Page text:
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Before the Wars

Churchill as Reformer (1910 – 1911)- With a Foreword by Sir Martin Gilbert

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Alan Baxendale

Winston Churchill will be forever known as the great statesman who bravely led Britain through the war years, but what led the young Churchill down this path to greatness? What motivated him to become the future leader?
Delving into documentary records in the Home Office archive, Alan S. Baxendale brings to light the young Churchill’s war at home while Home Secretary from February 1910 to October 1911. Passionate about reforming prison treatment and sentencing, Churchill engaged with his senior Home Office staff and His Majesty’s Prison Commissioners in a daily discussion of the business of criminal justice. With a focus on his working methods and relationships with his staff, Baxendale offers a new look at Churchill as a young and talented politician whose leadership led to innovative reforms that are still influential today.
This book makes an important contribution to the ongoing debate about the criminal justice system, providing a crucial addition to our understanding of the history of prison reform. It also gives us valuable insight into Churchill as a person, shedding light on his formative years as a minister and providing us with important clues to how he became one of the most successful politicians of modern times.

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Chapter 9: Churchill’s Penal Thought and Practice: An Assessment 165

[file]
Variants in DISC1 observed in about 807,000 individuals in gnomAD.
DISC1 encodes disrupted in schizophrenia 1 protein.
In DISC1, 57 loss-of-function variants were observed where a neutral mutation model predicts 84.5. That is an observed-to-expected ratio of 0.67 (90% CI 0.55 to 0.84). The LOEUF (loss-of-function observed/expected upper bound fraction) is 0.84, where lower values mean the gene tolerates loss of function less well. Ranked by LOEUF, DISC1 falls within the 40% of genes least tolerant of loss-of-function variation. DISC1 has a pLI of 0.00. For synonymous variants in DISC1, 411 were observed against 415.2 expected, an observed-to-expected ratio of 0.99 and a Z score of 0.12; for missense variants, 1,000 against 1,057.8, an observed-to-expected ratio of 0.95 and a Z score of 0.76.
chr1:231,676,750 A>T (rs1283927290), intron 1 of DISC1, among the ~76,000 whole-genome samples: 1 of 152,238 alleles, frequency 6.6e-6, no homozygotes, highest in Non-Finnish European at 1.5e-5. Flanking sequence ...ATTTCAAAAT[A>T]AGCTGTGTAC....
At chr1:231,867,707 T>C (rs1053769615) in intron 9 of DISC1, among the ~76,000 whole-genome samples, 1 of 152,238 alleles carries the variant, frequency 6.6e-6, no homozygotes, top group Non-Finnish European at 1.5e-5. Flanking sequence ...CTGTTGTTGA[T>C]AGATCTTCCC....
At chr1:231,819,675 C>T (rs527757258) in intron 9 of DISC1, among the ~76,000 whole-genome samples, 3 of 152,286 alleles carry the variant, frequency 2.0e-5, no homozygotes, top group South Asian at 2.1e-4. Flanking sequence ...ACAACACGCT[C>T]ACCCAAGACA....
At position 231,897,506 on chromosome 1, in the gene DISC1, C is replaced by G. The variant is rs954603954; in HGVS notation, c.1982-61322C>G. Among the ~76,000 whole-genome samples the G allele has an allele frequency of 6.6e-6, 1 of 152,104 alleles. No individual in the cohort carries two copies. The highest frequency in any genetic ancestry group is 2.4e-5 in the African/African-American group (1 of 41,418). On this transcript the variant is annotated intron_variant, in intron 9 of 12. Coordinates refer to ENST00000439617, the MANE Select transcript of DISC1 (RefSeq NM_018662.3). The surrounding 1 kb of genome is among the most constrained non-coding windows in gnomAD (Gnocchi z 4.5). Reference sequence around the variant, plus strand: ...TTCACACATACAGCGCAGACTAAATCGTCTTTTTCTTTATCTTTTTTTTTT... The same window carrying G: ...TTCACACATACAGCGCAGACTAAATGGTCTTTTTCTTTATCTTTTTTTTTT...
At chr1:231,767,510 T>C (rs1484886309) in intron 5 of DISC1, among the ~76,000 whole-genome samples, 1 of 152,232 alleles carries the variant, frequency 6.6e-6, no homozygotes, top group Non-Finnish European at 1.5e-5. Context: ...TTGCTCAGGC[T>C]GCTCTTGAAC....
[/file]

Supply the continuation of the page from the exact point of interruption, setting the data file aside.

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chapter 9 Churchill’s Penal Thought and Practice: An Assessment In attempting to assess Churchill’s penal thought and practice during his time at the Home Office, one must, of course, take into account the con- text in which he operated. It was one of constraint, and it applied to all the responsibilities of his office. This was generated by the brevity of his Home Secretaryship and by the conservative nature of the Home Office and the Prison Commission. He held the office of Home Secretary for just over twenty months, little enough time to put into practice the penal thinking he had in mind when he was first appointed, let alone that which he devised when dealing with prisons on a day-to-day basis.1 During his tenure, moreover, his attention was needed for other matters, in addition to criminal justice, to say nothing of the time he had to set aside for cabinet discussions, attending the House of Commons (where, from time to time, he wound up debates for the Government), speaking engagements up and down the country, and the needs of his constituency. A related constraint was that, when he became the Home Secretary, he had no idea how long he would remain in the post, although he suspected his tenure might be short because of the likelihood of an early general election to resolve the continuing constitutional crisis which was polarizing the two Houses of Parliament. Even if he were to hold his seat and the Liberal Government were to...

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